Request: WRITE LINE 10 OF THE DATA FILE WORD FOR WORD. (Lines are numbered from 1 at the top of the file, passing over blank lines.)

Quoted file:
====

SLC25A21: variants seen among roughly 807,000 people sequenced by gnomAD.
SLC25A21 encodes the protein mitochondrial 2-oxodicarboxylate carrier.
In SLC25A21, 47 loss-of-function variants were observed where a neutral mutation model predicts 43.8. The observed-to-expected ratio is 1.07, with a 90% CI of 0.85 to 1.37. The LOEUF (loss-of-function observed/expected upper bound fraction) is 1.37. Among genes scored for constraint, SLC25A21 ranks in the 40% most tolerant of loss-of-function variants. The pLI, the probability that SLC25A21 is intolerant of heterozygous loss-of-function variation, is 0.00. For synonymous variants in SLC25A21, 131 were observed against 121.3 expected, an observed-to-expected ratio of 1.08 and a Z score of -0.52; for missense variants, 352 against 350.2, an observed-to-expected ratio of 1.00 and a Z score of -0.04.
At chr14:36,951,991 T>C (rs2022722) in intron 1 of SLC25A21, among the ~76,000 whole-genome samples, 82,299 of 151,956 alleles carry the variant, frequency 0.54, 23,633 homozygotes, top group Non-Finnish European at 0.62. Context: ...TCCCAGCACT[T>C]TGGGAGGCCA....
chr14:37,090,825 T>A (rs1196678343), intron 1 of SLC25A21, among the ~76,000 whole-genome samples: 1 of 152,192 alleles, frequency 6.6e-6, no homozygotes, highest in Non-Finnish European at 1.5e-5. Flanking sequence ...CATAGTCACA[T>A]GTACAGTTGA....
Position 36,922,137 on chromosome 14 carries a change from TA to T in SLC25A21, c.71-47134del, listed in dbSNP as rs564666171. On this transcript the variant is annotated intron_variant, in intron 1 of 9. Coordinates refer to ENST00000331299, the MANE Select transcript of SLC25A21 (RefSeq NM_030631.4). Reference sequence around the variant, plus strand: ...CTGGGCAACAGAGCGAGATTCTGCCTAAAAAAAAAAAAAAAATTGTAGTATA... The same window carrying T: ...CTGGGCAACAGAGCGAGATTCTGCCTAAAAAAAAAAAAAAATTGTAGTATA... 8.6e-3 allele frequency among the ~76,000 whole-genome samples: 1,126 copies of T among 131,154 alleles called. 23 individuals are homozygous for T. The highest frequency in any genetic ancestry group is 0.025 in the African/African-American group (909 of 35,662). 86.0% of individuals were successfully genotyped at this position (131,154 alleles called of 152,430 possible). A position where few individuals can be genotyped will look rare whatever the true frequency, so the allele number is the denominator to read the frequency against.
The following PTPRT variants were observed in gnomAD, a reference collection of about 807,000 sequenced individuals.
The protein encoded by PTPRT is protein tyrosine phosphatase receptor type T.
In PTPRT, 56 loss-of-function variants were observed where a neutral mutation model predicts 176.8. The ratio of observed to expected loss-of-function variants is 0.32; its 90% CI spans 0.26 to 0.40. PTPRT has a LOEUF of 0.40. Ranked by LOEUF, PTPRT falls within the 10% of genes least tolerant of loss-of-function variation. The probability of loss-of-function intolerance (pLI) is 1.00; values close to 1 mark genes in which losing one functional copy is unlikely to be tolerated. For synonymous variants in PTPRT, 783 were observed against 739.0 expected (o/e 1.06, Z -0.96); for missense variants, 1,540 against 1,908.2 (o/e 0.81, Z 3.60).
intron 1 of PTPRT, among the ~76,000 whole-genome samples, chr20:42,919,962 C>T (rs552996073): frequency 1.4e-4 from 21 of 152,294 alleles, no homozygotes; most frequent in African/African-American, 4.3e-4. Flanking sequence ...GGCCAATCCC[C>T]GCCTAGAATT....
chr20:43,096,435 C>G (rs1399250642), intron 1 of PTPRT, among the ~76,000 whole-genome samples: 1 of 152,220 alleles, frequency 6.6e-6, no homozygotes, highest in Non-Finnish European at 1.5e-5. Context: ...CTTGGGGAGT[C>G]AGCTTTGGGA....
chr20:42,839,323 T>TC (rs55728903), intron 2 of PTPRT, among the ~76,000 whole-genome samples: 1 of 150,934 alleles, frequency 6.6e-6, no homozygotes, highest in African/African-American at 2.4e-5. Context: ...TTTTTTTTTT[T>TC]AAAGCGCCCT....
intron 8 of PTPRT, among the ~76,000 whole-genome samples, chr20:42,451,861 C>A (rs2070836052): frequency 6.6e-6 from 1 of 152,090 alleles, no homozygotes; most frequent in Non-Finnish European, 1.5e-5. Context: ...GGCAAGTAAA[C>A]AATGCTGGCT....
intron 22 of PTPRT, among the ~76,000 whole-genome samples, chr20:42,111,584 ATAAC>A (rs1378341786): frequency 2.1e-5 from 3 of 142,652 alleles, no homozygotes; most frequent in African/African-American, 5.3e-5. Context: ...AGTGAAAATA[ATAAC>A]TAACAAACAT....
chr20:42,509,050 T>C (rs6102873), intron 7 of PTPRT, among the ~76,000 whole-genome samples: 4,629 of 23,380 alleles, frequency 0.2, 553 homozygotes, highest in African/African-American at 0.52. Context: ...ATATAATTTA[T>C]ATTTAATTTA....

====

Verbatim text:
intron 1 of PTPRT, among the ~76,000 whole-genome samples, chr20:42,919,962 C>T (rs552996073): frequency 1.4e-4 from 21 of 152,294 alleles, no homozygotes; most frequent in African/African-American, 4.3e-4. Flanking sequence ...GGCCAATCCC[C>T]GCCTAGAATT....